You already know I'm a proponent of IT certification. I knew of certifications well before I started working at Microsoft, and have always held high regard for those who devote the time and energy to earn their credentials. It's not the acronyms in their email signatures that impress me; it's their dedication to learning and growth.
When MCT Chris Gardner published his recent blog post titled "The Real Reason Why Developers Should Get Certified," responses from our readers, fans and followers around the social web were overwhelmingly positive. Chris, who develops web apps by day and advocates for game development by speaking and blogging, knows first hand the value of certification for business, professional and personal endeavors. (I would encourage you to read his post for more context if you haven't already.) One especially thoughtful comment came from Lisa F. via our Facebook page. She said:
"Technology and software are constantly changing. The best way I've found to keep sharp in this field is to keep certifying. The practice of preparing for my next exam keeps me trying things that I haven't done yet, just because I haven't had to in my position, and it forces me to keep myself current with the new technologies. It makes me better at my job and helps me to communicate possible technological needs and improvements for the customer."
Lisa's words very much align with what I've heard from many IT pros, developers, consultants and trainers. Much of the process of studying for certification exams is about learning and self assessment. The list of "skills measured" for each Microsoft exam, also known as exam objective domains, is essentially a checklist for yourself: "How much of this technology do I really know?" During a recent tweetchat about "90 Days to MCSA," MCT Michael Bender also talked about this: "#90days2MCSA is about motivating you to learn the technology. Earning your MCSA is a big plus!"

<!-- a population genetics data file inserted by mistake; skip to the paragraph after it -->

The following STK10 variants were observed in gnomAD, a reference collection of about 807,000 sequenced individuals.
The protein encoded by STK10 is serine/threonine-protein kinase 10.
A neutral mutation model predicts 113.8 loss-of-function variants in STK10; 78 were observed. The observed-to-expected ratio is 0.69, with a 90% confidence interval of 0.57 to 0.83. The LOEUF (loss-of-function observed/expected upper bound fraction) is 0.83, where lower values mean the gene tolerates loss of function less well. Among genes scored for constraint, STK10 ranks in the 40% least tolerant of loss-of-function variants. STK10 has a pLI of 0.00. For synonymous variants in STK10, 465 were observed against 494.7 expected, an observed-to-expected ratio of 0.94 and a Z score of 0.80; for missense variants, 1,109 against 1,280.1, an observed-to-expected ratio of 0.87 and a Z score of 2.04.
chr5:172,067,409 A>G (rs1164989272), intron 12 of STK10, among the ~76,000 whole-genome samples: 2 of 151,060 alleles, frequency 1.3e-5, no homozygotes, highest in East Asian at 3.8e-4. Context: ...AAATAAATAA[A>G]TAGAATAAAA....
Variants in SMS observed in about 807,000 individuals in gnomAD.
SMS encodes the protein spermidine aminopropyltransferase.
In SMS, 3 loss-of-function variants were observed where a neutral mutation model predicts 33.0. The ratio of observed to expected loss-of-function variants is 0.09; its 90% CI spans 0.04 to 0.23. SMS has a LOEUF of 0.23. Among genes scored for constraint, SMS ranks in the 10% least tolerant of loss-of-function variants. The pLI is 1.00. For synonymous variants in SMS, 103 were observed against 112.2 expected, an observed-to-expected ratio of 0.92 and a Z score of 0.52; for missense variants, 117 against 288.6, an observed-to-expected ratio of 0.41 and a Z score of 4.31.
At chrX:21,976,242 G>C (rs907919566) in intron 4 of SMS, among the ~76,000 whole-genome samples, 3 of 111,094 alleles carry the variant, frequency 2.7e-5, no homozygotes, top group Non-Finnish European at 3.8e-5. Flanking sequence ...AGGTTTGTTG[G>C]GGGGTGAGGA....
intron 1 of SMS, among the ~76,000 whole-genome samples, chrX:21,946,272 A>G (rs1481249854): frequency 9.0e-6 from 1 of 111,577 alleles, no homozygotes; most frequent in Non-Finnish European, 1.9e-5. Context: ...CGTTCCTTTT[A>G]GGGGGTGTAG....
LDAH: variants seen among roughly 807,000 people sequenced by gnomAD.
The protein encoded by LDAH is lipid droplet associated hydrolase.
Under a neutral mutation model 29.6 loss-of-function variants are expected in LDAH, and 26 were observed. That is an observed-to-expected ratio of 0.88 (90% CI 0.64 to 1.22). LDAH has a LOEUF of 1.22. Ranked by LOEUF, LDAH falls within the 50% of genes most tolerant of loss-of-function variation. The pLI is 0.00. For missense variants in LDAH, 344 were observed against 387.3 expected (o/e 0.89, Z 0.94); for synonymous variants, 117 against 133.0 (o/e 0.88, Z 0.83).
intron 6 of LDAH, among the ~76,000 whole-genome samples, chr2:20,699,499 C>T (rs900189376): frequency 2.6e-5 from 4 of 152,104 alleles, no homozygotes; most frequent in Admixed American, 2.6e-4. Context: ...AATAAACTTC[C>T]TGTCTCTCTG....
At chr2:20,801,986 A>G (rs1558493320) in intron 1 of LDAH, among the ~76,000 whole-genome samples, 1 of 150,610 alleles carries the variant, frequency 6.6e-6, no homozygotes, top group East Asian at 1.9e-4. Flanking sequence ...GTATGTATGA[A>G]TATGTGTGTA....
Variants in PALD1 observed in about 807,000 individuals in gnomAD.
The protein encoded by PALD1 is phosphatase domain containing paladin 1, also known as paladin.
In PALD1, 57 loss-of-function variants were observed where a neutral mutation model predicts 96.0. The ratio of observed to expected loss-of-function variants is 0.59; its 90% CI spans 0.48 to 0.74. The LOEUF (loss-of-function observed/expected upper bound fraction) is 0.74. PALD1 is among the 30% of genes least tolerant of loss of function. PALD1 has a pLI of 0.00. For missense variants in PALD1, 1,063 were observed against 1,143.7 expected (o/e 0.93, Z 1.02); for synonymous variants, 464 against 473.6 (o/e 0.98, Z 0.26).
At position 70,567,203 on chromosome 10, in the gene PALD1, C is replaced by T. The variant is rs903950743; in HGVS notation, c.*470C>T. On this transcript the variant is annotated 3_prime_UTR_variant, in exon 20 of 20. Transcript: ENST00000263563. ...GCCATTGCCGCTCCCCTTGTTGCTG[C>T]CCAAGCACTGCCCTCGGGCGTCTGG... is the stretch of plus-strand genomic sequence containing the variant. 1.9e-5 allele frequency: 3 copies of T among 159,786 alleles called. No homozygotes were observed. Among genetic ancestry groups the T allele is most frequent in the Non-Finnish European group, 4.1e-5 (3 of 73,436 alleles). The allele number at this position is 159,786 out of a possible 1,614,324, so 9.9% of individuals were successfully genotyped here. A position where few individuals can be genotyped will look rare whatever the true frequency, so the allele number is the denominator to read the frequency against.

So, if earning certifications is really about honing your skills and staying current, can you afford to put it off? Sure, it's just one element of your curriculum vitae, but it's one where you can readily show proof of your technical proficiency and demonstrate your commitment to professional development. Yes, work hours are long, and obligations of everyday life are many, but consider prioritizing this investment in yourself. If your current employer supports training and certification, that's definitely a plus. Talk to your manager or human resources department today about available benefits. If it's not something the company offers, there's no stopping you from doing this for yourself. There are many resources available to you, often low or no cost, and so many people who can help. (See the list at the end of this post.) In the end, the knowledge and achievement are yours to gain, keep and use.
MCT and PFE Cynthia Wang (@CyntheSys) said it best in a tweet. It's not really about certification; it's about YOU.